ing variables were within their respective limits: MS1 mass,
retention time, MS2 masses, fragmentation pattern and IS cor-
rection. Method characteristics, LOD, LOQ and validation
values are listed in Table S2.
The samples were used to identify 111 PhACs, including
pharmaceutical derivatives, illicit drugs and alkaloids such as
cocaine and caffeine. The agents to be analysed were deter-
mined based on Hungarian consumption data and the toxico-
logical effect profile. The PhACs were categorized into the
following nine groups for analysis: 1) antidepressants, 2) an-
tiepileptics, 3) anxiolytics, 4) cardiovascular drugs, 5) hor-
mones and derivatives, 6) stimulants, psychedelics, hallucino-
gens and their metabolites, 7) nonsteroidal anti-inflammatory
drugs (NSAIDs), 8) anaesthetics and analgesics, 9) other (in-
cluding alkaloids, such as caffeine). The groups can be direct-
ly compared to the classification systems described in the
relevant literature on PhAC contamination of swimming pools
(e.g. Fantuzzi et al. 2018).
Results and discussion
General results
Thirty-four of the monitored 111 PhACs were found to exceed
their respective LOQ value at least once in one of the water
Environ Sci Pollut Res (2020) 27:399410
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samples (Table S3); additionally, 21 of the PhACs were de-
tected in more than one sample. There are significant differ-
ences in the frequency of occurrence and concentration levels
of the detected PhACs (Table 1).
Theophylline was found to have the highest absolute con-
centration (max = 7184 ng L
); however, those were frequent
only at a rate of 20%. The average concentration of caffeine,
i.e. the most common stimulant, exceeded 1000 ng L
present in various food items and health supplements (e.g.
coffee, energy drinks) as a natural component, and is not re-
lated to the consumption of pharmaceuticals; however, it can
be an indicator that the spa water has been contaminated by
urine and/or other bodily fluids (Teo et al. 2016). As was
observed with two antiepileptics (carbamazepine and
lamotrigine), three types of hormones (E1, EE2 and testoster-
one) and the illicit drug cocaine, lidocaine (anaesthetic) and
diclofenac (NSAID) the latter is an agent of several non-
prescription drugs, were found to have an average concentra-
tion above 10 ng L
. Note that, whether a PhAC is prescrip-
tion or non-prescription does not impact the frequency of its
occurrence in the samples. For some active substances (e.g.
carbamazepine, diclofenac, cocaine), the results were
Table 1 Concentrations of all PhACs found to exceed their LOQ value (MIN: measured minimum value, MAX: measured maximum value, Mean:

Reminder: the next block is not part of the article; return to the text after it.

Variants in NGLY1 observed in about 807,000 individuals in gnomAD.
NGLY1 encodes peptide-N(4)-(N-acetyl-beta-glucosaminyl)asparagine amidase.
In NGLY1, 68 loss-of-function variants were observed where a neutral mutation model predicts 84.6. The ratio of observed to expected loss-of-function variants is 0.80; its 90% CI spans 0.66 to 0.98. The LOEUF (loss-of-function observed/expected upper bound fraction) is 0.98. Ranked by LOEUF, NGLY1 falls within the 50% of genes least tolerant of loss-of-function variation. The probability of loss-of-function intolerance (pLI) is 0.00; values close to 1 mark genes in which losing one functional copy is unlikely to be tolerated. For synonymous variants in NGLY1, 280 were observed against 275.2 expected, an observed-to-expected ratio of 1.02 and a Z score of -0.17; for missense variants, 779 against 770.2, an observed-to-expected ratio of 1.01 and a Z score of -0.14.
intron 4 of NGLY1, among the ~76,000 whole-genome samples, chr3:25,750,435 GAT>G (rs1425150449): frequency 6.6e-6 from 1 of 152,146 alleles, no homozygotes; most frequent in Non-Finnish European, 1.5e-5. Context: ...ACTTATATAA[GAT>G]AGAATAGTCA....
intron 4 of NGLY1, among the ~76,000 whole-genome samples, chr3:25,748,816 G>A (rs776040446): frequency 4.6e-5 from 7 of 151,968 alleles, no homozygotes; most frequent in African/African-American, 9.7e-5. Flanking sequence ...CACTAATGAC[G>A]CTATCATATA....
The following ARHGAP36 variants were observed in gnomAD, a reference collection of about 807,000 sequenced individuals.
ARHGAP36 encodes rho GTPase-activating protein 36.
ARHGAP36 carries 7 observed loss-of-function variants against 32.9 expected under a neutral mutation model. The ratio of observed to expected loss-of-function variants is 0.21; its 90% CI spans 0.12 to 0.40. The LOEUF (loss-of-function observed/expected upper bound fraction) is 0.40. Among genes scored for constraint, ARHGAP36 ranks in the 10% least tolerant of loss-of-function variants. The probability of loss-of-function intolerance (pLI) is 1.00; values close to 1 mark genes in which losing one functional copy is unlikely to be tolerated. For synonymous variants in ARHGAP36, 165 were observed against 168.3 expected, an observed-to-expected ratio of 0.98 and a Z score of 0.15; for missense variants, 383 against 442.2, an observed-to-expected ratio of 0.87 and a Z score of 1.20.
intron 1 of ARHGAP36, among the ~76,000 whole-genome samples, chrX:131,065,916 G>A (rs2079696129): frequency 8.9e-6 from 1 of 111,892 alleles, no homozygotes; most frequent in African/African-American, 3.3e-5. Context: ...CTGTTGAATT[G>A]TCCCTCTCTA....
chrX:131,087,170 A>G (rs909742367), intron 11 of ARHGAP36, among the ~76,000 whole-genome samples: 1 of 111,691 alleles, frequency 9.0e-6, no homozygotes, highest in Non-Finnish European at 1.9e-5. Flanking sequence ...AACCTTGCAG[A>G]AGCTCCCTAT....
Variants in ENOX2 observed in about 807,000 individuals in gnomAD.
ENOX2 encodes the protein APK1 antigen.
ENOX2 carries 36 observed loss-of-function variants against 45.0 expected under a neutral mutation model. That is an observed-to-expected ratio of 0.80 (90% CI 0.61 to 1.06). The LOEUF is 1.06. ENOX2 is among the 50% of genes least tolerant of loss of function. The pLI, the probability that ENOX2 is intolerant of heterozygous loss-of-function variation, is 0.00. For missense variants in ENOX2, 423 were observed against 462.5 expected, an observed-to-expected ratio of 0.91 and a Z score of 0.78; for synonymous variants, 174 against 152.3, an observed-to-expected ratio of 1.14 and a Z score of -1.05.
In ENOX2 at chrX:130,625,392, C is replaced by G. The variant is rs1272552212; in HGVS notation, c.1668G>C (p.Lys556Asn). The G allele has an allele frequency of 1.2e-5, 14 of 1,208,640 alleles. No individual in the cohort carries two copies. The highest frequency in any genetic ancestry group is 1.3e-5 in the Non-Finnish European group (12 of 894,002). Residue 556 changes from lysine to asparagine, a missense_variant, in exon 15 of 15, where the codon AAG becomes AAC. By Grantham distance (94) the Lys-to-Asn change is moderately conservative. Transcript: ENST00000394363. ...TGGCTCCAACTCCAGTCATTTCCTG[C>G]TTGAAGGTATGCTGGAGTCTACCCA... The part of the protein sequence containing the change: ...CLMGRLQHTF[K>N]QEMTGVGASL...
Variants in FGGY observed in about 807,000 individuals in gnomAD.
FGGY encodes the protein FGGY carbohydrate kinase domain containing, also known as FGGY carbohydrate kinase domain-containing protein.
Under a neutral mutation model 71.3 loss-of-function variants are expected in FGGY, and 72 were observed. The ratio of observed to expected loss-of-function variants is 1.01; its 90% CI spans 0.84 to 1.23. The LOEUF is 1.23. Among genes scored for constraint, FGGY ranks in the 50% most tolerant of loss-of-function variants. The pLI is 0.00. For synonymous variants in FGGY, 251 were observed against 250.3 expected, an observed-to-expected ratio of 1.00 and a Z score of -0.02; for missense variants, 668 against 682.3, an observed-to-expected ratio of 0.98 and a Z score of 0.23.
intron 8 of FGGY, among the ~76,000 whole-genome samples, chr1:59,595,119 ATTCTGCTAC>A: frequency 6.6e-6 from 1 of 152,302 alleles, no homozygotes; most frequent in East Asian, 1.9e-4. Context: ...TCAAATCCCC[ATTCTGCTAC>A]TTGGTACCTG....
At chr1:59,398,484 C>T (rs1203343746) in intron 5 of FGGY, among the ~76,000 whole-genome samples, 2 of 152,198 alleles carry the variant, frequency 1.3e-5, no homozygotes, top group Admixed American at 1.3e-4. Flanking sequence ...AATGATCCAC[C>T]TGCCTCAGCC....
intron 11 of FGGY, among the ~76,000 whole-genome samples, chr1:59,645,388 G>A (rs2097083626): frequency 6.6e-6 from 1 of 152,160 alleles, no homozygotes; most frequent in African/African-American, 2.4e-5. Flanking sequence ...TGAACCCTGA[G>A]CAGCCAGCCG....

average of the measured values >LOQ)
PhACs Pharmacological classification Frequency of occurrence LOQ MIN MAX Mean
Number % ng L
lidocaine anaesthetics 22 79 0.10 0.81 132.86 29.84
tramadol analgesics 16 57 0.10 0.22 14.96 2.11
carbamazepine antiepileptics 17 61 0.10 0.17 188.57 32.13
lamotrigine antiepileptics 6 21 5.00 18.49 96.59 54.07
bupropion antidepressants 1 4 0.50 na 1.16 na
citalopram antidepressants 11 39 0.10 0.10 3.26 1.56
tiapride antidepressants 1 4 0.10 na 0.25 na
trazodone antidepressants 1 4 0.05 na 0.21 na
alprazolam anxiolytics 1 4 0.10 na 0.54 na
cinolazepam anxiolytics 1 4 0.10 na 0.36 na
betaxolol cardiovascular drugs 1 4 0.50 1.12 1.12 0.00
bisoprolol cardiovascular drugs 10 36 0.50 0.74 13.27 3.48
metoprolol cardiovascular drugs 9 32 0.10 0.60 9.54 4.07
perindopril cardiovascular drugs 4 14 0.10 0.24 0.89 0.52
propafenone cardiovascular drugs 2 7 0.50 0.91 1.55 1.23
verapamil cardiovascular drugs 1 4 0.05 na 0.56 na
benzoylecgonine stimulants (metabolite) 9 32 0.10 0.67 6.47 2.93
cocaine stimulants 15 54 0.05 0.14 194.02 30.33
ketamine hallucinogenic drugs 1 4 0.50 na 57.00 na
norketamine hallucinogenic drugs 1 4 5.00 na 10.37 na
oestrone hormones 12 43 0.05 0.10 112.59 12.03
17α-estradiol hormones 10 36 0.05 0.05 39.48 4.42
17β-estradiol hormones 1 4 0.05 na 5.60 na
estriol hormones 7 25 0.05 0.07 2.09 0.58
17α-etynylestradiol hormones 13 46 0.05 0.64 98.33 17.22
testosterone hormones 7 25 0.50 0.61 97.31 22.51
progesterone hormones 9 32 0.50 0.51 10.24 2.98
levonorgestrel hormones 3 10 1.00 1.06 8.19 3.70
drospirenone hormones 1 4 1.00 na 1.84 na
paracetamol NSAIDs 1 4 20.00 na 76.10 na
diclofenac NSAIDs 12 43 0.50 1.61 57.59 24.33
theophylline other (alkaloids) 6 21 10.00 59.43 7184.16 3308.93
caffeine other (alkaloids) 9 32 10.00 484.96 2061.43 1347.20
papaverine other (alkaloids) 1 4 0.10 na 1.36 na
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generally consistent with what was expected as based on the
results for swimming pools or different types of polluted wa-
ters frequented by tourists; however, until this study, most of
the above-mentioned PhACs had not been measured in bath-
ing waters.It should be noted that 17α-estradiol (aE2) and E2,
which are generally detected in all types of environmental
monitoring assessments (Aus der Beek et al. 2016), were de-
tected, but the frequency of detection of the former was much
higher in the sampled thermal spa water.
These findings can be used to compare the proportions of
the different groups of PhACs (Fig. 1). Although hormones
were the most frequent, the occurrence of hallucinogenic
drugs was also higher than their ratio within then monitored
111 PhACs. The increased proportion of antiepileptics (e.g.
carbamazepine, lamotrigine) is also significant; conversely,
the proportion of antidepressants decreased in the found and
frequent groups. Moreover, as with swimming pool water
(Ekowati et al. 2016; Fantuzzi et al. 2018), this group of
PhACs, particularly carbamazepine, was most frequently